Happy New Year everyone!
Julie transformed from roles as a babysitter and SEO agency employee, to owner of a portfolio of affiliate sites - the largest of which makes $30,000 per month.
Sit back and listen to hear how she did it - or read the notes below.
📝 Show Notes
Julie’s Background and Portfolio
Joining an SEO agency
Julie did odd jobs while in college, including working at a movie theater and babysitting on the side. Interestingly, the person she was babysitting for was the owner of a marketing company who offered Julie the position of content developer. Knowing nothing about the position or anything about SEO, Julie started work and learned the trade quickly through a combination of trial and error and talking with clients and colleagues. Five or six years later, Julie was managing all the company’s SEO campaigns, using a process she’s honed from practice and experience. At one point, Julie was handling a whopping 80 or so clients. She grew to love her work, and happily did SEO for 40 hours a week.
Building Her Own Sites and Moving On From the Company
Learning and working on SEO for 40 hours a week prompted Julie to take her work home and do SEO on her own affiliate sites. Her first site was a motorcycle blog where she put out informational content and basically wrote whatever she wanted. Later on, she realized she could earn money by promoting products on Amazon. She failed at her first attempt and let that domain quietly expire. Soon after, Julie built another site in the outdoor niche. This time, she went into it with an income-generating mindset. This site performed significantly better and grew to around $1,000 a month. Julie saw the potential and decided to build a site once every 3 or 4 months.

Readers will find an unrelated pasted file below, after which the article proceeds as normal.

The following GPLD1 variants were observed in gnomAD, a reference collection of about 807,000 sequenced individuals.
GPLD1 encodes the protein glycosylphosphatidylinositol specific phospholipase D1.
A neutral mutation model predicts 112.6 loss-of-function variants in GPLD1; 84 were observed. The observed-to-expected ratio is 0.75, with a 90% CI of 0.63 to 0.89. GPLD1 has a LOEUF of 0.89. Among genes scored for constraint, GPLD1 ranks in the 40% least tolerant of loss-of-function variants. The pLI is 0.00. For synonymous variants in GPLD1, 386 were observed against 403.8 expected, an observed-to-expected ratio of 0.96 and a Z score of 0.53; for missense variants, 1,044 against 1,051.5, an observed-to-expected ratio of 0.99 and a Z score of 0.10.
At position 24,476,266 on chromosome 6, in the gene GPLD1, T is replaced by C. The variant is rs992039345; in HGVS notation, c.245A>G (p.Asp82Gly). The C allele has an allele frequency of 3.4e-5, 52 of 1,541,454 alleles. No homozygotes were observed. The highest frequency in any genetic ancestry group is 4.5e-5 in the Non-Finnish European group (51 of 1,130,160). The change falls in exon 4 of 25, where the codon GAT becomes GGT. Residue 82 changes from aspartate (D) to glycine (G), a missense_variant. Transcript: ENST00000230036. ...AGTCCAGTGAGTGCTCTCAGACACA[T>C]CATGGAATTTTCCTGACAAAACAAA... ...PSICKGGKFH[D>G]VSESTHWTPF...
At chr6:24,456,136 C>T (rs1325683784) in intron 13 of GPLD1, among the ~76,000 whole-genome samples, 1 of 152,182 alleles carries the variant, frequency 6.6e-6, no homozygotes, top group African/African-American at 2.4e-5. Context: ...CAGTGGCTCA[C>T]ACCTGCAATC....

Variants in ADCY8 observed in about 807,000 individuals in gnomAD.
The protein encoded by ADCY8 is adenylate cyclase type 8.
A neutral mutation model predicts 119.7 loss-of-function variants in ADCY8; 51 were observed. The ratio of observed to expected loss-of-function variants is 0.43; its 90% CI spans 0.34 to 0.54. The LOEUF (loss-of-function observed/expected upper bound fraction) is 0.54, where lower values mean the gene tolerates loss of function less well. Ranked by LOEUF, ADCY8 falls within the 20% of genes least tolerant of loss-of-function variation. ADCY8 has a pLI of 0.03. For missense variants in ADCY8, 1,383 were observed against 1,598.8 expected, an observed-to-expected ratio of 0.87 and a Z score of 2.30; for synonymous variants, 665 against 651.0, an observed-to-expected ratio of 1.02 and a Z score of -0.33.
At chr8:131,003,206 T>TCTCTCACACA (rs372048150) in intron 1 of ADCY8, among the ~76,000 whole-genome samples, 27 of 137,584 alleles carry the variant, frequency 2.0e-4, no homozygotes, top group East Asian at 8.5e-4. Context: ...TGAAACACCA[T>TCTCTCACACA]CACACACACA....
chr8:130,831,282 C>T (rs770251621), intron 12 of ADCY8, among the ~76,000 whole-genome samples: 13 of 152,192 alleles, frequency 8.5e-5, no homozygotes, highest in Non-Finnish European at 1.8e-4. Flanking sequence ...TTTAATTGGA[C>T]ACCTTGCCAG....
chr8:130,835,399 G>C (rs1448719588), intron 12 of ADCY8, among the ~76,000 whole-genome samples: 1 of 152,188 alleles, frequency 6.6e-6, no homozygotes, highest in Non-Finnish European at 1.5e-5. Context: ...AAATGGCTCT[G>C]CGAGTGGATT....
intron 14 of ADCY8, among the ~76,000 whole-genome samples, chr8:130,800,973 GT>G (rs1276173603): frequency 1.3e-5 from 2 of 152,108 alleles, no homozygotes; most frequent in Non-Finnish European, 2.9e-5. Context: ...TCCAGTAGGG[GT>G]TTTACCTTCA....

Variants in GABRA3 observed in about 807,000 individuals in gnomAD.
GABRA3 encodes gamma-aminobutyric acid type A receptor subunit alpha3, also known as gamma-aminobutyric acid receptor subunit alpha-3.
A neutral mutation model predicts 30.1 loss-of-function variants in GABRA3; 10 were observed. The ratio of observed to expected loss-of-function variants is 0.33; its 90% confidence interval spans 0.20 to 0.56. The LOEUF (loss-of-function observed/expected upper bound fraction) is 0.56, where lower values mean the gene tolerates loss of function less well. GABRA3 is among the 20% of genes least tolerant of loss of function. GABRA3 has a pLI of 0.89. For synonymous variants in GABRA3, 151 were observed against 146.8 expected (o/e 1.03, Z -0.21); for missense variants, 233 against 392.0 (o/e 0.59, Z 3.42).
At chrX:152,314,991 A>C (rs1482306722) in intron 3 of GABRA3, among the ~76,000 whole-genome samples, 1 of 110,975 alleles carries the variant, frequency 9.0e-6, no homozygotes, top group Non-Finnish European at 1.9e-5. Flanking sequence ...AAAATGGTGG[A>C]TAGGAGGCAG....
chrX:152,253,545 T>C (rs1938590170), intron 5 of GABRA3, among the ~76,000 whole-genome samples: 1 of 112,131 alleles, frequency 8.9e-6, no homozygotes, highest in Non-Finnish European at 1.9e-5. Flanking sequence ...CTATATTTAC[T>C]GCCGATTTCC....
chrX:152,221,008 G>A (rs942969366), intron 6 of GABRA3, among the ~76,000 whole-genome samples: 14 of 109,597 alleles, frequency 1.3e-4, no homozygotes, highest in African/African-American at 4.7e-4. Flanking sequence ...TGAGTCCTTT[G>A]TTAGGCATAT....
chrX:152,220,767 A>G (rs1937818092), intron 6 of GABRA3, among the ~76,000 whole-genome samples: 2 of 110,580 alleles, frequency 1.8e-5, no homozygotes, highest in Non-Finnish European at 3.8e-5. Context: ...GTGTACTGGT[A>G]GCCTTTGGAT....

With her own sites, she was able to experiment and do things that she normally wouldn’t do for clients at the company. This helped hone her craft even more. Julie's journey with affiliate SEO sites allowed her to earn a significant income on the side--more than what she was earning as an employee. After a couple of years, she sold one site for $34,000 on Empire Flippers and reinvested the money into her other sites. The goal was to quit her job and focus on her sites full time.
These days, Julie doesn’t pursue clients. She works 100% with affiliates, and does a few consulting gigs.
Growing Sites and Her Portfolio
Julie no longer focuses on building sites. She now focuses on certain niches and grows only those sites. Currently, her portfolio contains 6 or 7 sites, and these days she tries to build a site once every 6 months. Half of the sites in her portfolio were built from scratch on fresh domains, while the other half was built on expired domains. Julie says she feels safer starting with fresh domains, since she won’t be worried about the sandbox period.
Working With Expired Domains?
Julie is generally open-minded and up to trying anything when it comes to building and growing sites. Usually, when she finds a niche, she starts searching for expired domains. However, if she can’t find one that looks appealing after 2 or 3 weeks, she starts with a fresh domain.